introduce yourself and your career interests. Then develop questions that will
help further your understanding of the organization or industry. This strategy
will help you make good career decisions while simultaneously helping you
develop good job search skills.
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Collect then connect
There may be an organization in attendance at the job fair you did not know
would be there. You think you may be interested in them, but aren't as well
prepared as you ideally would like to be. Alternatively, while your initial
purpose for attending the fair was to "collect" only, you may find that you
don't want to miss the opportunity to "connect" face-to-face with an
organization of interest.
We encourage you to minimize interaction with organization representatives until
you can prepare more. Collect literature from the table, find a quiet place to
review it, develop your "connect" strategy, and return to the table. Let them
know that you've had the opportunity to acquaint yourself with their
organization and you believe there's a fit between their needs and your goals
and qualifications. Don't forget to collect business cards so you can
"reconnect" with them after the fair.
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Reconnecting after the job fair
Your ability to use the job fair as a job search tool doesn't end when you
leave the fair. In fact, that is simply the beginning.
Remember how hectic the experience felt to you? It was even more hectic for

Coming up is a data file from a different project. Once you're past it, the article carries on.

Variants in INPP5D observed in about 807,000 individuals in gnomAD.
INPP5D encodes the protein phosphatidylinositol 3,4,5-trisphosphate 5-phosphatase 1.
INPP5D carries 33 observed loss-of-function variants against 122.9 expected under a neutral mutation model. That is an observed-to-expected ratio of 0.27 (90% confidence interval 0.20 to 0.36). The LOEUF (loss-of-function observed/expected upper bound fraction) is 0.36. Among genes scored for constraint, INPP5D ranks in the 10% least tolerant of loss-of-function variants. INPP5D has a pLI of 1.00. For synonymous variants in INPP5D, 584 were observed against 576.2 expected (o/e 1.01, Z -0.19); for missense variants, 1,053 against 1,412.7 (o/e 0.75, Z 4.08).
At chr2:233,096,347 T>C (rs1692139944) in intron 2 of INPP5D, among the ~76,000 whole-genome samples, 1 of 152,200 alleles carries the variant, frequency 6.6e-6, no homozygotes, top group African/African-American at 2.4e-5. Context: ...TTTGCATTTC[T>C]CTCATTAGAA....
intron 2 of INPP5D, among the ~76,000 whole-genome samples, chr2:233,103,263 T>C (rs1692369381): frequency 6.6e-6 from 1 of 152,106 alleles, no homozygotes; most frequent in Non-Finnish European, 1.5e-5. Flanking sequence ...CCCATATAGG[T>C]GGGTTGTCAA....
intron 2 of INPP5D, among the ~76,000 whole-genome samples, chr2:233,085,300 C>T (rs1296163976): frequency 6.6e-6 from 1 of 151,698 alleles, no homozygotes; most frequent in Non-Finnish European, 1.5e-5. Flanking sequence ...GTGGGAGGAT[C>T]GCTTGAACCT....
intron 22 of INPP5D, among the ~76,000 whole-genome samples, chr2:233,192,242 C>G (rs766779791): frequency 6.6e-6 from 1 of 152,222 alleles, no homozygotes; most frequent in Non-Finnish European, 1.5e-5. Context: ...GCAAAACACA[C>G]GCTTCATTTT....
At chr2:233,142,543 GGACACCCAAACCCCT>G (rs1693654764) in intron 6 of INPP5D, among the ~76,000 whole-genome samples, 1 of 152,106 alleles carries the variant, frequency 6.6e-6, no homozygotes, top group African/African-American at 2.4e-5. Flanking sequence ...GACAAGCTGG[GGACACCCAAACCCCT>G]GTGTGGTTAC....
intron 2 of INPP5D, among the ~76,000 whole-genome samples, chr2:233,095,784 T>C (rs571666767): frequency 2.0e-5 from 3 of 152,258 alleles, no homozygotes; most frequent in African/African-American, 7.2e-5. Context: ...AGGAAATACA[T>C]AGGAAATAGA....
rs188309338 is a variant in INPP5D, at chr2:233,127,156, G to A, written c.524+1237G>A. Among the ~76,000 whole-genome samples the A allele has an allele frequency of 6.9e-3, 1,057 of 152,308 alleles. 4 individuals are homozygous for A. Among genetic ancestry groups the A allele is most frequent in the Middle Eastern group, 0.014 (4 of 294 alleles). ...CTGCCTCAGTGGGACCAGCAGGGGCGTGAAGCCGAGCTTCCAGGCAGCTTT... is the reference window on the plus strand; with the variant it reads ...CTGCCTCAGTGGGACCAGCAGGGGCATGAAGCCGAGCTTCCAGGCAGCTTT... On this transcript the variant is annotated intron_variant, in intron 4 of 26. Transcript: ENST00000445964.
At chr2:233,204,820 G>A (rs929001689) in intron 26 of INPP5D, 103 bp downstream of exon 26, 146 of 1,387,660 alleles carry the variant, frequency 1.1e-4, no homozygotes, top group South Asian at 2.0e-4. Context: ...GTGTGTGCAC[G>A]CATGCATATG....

the employer who now has to try to put together multiple faces, impressions and
resumes. Make it easy for them to remember you by "reconnecting." Follow-up with
a cover letter and resume (even if you left one with them at the job fair).
This cover letter will begin by expressing your appreciation for the time
they spent with you at the fair discussing their organization and opportunities.
You will then go on to leverage what you learned at the fair and highlight your
interests and qualifications as they match the organization's needs - just like
any other cover letter you write.
This resume may be a revised version of your "standard" resume targeted to this
particular organization. Again, leverage the information you learned at the fair
to determine what if any strategic changes you might want to make. These changes
- adjusted order to highlight the skills they most desire in a candidate
- modified language to match that of organization
- deleted items that don't fit their needs
- added items that don't fit most employers but are unique to this position
If you are not actively pursuing a position at this point in time and had
attended the fair to collect information, we recommend that you write a thank
you letter anyway. It is good business etiquette and it helps to solidify a
positive impression of you should you decide to apply for a job there in the
future. Additionally, it helps to hone your job search letter writing